Carrowmore Megalithic Monuments

Carrowmore megalithic city together with Carrowkeel are on the Coolera Peninsula, and are Europe’s largest megalithic civilisation.
Carrowmore Megalithic Monuments
Located a couple of miles south west of Sligo town, these are thought to have contained over 200 passage tombs at one time.
At the heart of this well preserved megalithic landscape, you will find Carrowmore in the peninsula’s centre. It is one of the most magnificent Irish ancient megalithic complexes. Although there was extensive damage in the early 19th century due to quarrying and land clearance, today there are 27 monuments remaining, of the original 100 or so monuments of Carrowmore.
The Carrowmore monuments are considered to be early examples of chambered cairns or passage graves.
Yet we cannot be entirely sure and they could be the ancestors of various monument types. They are boulder circles and many of them have central dolmens (rudimentary passages).
Constructed from a gneiss, which is a hard local stone which originates from the Ox Mountains, each circle has an average of between 30 to 35 stones. The one that is in the best condition these days is Carrowmore 7. It’s circle of boulders is around 11 metres in diameter, and it features a lovely graceful dolmen at the centre.
Although some dispute that the earliest discovery of Carrowmore dates to 5400 B.C., the general concensus believes that this is too early and instead the site is dates to the period when the mesolithic hunter gatherers were begining to turn into neolithic farmers.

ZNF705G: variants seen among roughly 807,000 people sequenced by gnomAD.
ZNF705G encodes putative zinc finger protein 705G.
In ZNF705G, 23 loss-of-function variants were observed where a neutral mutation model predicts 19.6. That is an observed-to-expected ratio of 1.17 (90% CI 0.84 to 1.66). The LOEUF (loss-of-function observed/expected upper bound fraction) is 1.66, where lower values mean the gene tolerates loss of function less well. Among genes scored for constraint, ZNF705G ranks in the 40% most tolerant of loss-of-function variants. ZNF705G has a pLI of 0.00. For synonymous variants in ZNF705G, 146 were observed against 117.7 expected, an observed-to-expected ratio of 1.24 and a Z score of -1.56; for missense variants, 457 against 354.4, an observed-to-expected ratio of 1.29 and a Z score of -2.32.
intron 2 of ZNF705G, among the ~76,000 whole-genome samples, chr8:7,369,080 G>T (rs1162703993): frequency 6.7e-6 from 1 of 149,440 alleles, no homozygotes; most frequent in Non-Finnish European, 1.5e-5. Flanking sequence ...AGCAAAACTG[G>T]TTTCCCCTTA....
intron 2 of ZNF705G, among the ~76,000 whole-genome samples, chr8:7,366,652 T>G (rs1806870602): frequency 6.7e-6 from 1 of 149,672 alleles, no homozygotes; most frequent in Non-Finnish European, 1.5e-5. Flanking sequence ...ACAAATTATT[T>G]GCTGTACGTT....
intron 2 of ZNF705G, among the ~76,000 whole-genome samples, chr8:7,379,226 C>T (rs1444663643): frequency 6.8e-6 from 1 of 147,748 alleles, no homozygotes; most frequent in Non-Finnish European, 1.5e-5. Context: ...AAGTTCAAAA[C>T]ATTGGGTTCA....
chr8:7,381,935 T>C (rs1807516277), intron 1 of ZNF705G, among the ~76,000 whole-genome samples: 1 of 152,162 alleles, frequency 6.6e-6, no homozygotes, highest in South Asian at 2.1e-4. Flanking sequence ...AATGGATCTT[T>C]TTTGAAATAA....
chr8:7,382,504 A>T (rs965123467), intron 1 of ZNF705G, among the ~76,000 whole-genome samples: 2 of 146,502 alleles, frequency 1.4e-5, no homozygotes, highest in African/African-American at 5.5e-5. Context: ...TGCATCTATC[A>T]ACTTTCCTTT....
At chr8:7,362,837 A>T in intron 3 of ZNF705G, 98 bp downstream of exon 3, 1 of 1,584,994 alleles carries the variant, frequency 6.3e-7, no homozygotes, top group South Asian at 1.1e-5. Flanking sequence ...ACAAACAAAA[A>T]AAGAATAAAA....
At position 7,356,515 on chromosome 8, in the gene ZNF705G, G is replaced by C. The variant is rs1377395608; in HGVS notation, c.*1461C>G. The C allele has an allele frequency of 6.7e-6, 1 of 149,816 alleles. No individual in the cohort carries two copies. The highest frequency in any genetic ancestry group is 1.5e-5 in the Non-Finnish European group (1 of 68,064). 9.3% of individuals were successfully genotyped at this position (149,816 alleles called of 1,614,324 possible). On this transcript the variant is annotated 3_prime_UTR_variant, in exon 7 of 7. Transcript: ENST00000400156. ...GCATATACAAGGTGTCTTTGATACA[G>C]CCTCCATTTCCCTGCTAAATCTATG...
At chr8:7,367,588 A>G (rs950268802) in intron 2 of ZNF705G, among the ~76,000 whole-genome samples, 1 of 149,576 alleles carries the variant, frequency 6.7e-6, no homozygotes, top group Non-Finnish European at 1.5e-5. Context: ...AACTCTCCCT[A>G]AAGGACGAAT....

• Tomb 1 c.4300 cal BC: charcoal from stone socket.
  • Tomb 4 c. 5400 and 4600 cal BC respectively: from charcoal in foundation sockets in cist;
  • c. 4100 and 4000 cal BC respectively: charcoal from stone sockets;
  • c. 3800 cal BC charcoal from stone socket of passage;
  • c.3000 cal BC: charcoal from secondary inner stone circle;
  • Five dates between 3300 and 2500 cal BC.
  • Tomb 7 c. 4200 cal BC: charcoal from post hole in central chamber.
  • Tomb 19 c. 3950 cal BC: charcoal from cremation in central chamber.
  • Tomb 27 c. 3950, 3900 and 3850 cal BC respectively; charcoal from stone packing outside the central chamber.
  • Tomb 51 c. 4100 cal BC: charcoal from possible satellite south of kerbstone circle.
  • Nine dates from charcoal in ritual type pits and burnt layers around central chamber, centring on 3550 cal BC.
  • Tomb 55A c.3800 cal BC: charcoal in cremation layer.
  • Tomb 56 c. 3500 cal BC: charcoal from stone packing outside central chamber.
  • Primrose Grange Tomb 1 c. 6400 cal BC: charcoal in stone socket.
  • Five other dates between c.4300 and 3000 cal. BC.
Burenhult, G. 2003 ‘Megalithic Chronologies’. In G. Burenhult (ed.) Stones and Bones: formal deposition of the dead in Atlantic Europe during the Mesolithic-Neolithic interface 6000-3000 BC.



Upper Rosses,
Rosses Point,
Co Sligo
F91 DK26


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